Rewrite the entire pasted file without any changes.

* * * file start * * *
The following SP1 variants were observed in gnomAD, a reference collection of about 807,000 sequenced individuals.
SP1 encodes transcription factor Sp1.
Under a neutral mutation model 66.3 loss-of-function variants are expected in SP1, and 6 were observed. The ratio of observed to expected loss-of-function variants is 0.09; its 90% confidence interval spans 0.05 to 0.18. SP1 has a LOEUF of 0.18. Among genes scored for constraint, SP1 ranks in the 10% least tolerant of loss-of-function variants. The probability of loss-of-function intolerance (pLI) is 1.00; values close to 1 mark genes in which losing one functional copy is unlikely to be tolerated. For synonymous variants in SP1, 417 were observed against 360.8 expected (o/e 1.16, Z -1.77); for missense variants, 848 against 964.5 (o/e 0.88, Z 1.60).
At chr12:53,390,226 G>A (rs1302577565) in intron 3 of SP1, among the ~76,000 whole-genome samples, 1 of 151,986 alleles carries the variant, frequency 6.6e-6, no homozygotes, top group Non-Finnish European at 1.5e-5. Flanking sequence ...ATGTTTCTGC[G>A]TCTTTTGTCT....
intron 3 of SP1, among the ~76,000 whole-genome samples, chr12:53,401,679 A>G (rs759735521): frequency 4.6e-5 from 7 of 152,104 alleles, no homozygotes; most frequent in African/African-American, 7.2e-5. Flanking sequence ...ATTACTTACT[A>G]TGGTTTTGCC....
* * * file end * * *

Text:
The following SP1 variants were observed in gnomAD, a reference collection of about 807,000 sequenced individuals.
SP1 encodes transcription factor Sp1.
Under a neutral mutation model 66.3 loss-of-function variants are expected in SP1, and 6 were observed. The ratio of observed to expected loss-of-function variants is 0.09; its 90% confidence interval spans 0.05 to 0.18. SP1 has a LOEUF of 0.18. Among genes scored for constraint, SP1 ranks in the 10% least tolerant of loss-of-function variants. The probability of loss-of-function intolerance (pLI) is 1.00; values close to 1 mark genes in which losing one functional copy is unlikely to be tolerated. For synonymous variants in SP1, 417 were observed against 360.8 expected (o/e 1.16, Z -1.77); for missense variants, 848 against 964.5 (o/e 0.88, Z 1.60).
At chr12:53,390,226 G>A (rs1302577565) in intron 3 of SP1, among the ~76,000 whole-genome samples, 1 of 151,986 alleles carries the variant, frequency 6.6e-6, no homozygotes, top group Non-Finnish European at 1.5e-5. Flanking sequence ...ATGTTTCTGC[G>A]TCTTTTGTCT....
intron 3 of SP1, among the ~76,000 whole-genome samples, chr12:53,401,679 A>G (rs759735521): frequency 4.6e-5 from 7 of 152,104 alleles, no homozygotes; most frequent in African/African-American, 7.2e-5. Flanking sequence ...ATTACTTACT[A>G]TGGTTTTGCC....